So I had an op-ed in the Los Angeles Times yesterday in which, inter alia, I compared Britain's fiscal position with Greece's (but at least we have the Elgin Marbles...) and the lack of faith in the political process to California's own dysfunctional system. Matt Yglesias thinks this exaggerated and, well, "pretty flawed"
For one thing, while it may be true that the British public has a California-esque level of faith in the political process, the fact is that the British political process is very different from California’s. Realistically, the next UK government’s fate will hinge on its ability to deliver economic growth. And while the next UK government may be in hock to bad ideas and fail to deliver such growth, it will face few structural impediments to implementing its ideas about what needs to be done. This is very different from California (or, indeed, the US in general) where mere possession of a sound policy agenda doesn’t get you very far.
As for Britain and Greece, there’s really quite a bit of difference in the situations, including the fact that Greece seems to have engaged in a lot of accounting fraud and not just a cyclical deficit. But probably most importantly, the Bank of England tries to set monetary policy that will help the UK achieve growth and low inflation. The European Central Bank, by contrast, tries to set monetary policy that will help Germany achieve growth and low inflation. It’s a funny joke, and obviously the UK faces a not-so-fun fiscal challenge, but Greece is really in much worse shape and likely to be plagued by super-high unemployment for years to come.
To take these in turn, it's certainly true that there are certain structural problems that make it difficult to govern California effectively. But that's hardly the point I was making. That was a much simpler observation: the voters are just as hacked off in Britain as they are in California. Perhaps they have less reason to be so disgruntled but, encouraged by the media and so on, they certainly lack gruntledness.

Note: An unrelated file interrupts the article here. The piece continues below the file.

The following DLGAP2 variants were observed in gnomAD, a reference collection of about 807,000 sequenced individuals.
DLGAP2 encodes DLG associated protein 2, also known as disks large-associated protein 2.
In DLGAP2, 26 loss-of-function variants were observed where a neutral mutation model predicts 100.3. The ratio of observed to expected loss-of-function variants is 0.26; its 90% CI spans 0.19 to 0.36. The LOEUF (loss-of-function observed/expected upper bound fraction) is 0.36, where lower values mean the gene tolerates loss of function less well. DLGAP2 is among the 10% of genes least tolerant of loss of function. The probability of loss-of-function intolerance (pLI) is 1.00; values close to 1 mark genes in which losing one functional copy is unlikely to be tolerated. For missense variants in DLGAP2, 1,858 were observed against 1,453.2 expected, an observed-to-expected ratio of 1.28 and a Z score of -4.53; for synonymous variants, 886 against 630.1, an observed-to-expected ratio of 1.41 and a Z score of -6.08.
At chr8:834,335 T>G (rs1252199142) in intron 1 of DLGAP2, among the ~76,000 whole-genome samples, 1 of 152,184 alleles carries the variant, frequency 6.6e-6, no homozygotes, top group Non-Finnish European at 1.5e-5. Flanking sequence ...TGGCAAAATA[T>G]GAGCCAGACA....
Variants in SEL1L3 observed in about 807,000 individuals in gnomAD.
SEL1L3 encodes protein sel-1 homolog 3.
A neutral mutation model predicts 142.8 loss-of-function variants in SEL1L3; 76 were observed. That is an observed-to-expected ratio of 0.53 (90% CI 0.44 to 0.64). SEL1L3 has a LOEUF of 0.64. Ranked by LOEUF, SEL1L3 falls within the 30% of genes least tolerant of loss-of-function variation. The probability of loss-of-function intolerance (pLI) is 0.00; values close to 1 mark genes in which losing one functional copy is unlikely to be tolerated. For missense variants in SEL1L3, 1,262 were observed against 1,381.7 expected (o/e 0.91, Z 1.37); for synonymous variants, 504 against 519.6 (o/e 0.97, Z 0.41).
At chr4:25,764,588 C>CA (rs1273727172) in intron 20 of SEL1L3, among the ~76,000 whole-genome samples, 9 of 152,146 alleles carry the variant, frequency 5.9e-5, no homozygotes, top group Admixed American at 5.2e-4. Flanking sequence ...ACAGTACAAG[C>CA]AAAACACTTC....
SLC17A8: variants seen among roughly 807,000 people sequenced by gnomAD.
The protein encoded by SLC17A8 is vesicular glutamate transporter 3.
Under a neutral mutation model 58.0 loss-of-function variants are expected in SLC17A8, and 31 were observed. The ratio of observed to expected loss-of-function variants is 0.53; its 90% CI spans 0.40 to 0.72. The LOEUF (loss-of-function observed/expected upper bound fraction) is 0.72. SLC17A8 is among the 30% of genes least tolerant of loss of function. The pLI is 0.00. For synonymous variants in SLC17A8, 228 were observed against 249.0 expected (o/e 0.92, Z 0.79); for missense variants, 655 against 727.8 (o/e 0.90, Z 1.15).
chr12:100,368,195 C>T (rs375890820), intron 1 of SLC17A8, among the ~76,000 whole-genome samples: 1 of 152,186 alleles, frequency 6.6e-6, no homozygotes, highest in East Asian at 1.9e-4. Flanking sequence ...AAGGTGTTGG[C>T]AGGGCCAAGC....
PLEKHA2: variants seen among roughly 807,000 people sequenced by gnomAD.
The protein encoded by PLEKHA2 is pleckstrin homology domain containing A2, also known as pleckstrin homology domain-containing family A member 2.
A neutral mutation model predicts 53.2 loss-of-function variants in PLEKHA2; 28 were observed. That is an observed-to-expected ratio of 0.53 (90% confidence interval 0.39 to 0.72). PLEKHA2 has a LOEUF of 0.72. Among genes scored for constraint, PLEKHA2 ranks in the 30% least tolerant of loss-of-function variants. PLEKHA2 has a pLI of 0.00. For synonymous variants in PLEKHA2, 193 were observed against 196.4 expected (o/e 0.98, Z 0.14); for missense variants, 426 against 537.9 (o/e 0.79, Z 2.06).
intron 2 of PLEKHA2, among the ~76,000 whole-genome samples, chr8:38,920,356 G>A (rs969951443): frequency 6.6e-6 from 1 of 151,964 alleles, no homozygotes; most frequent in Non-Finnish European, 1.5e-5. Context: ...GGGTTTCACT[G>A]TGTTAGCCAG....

I suspect Matt under-estimates both how much the parliamentary expenses scandal has corroded public confidence (none too firm anyway) in the entire political class here. For that matter although the country was split more or less down the middle by the Iraq War, the consequences of the WMD debacle has been that faith in politics and politicians of all sorts and flavour has been eroded. Parliament and the business of politics was tarnished by this failure and to great cost in terms of public confidence in the system.
So while it's true that the next government, even it only commands a small majority, faces fewer checks than would be the case in the US that doesn't mean it is in a good position, nor likely to command great respect from a public disinclined to give politicians the benefit of the doubt. That's partly why Dave doesn't inspire as many people as Tony did back in 1997 and Tony's failures have helped queer the pitch for all his successors. It may be the case that cynicism is a perfectly rational response to the election. People don't like the government and they don't think the opposition will make things markedly better. Hence there's much chuntering and grumbling and complaining but little faith or optimism that anything, anywhere, will really get better. That may not, strictly speaking, be a policy problem but it is a political one, not least because it significantly diminishes the amount of goodwill a Prime Minister Cameron will enjoy. If there's a honeymoon it will be a short one and his political capital, of uncertain value to begin with, cannot last for long.
Similarly, the public's aversion to restraining public spending and to tax increases means that deficit reduction is going to be pretty tricky in Britain too. We all, I think, expect strikes in the next 18 months or so. This month's British Airways dispute is just the beginning. But, yes, Matt's right to say that Britain isn't as badly off as Greece but that, frankly, doesn't offer much in the way of consolation. Not as Much of a Fiscal Basket Case as Greece isn't hugely encouraging. And, depending on the details of next week's budget, things could still get worse. Because there isn't any money left.
That said, it may be that keeping Britain out of the euro may have been Gordon Brown's single most significant achievement.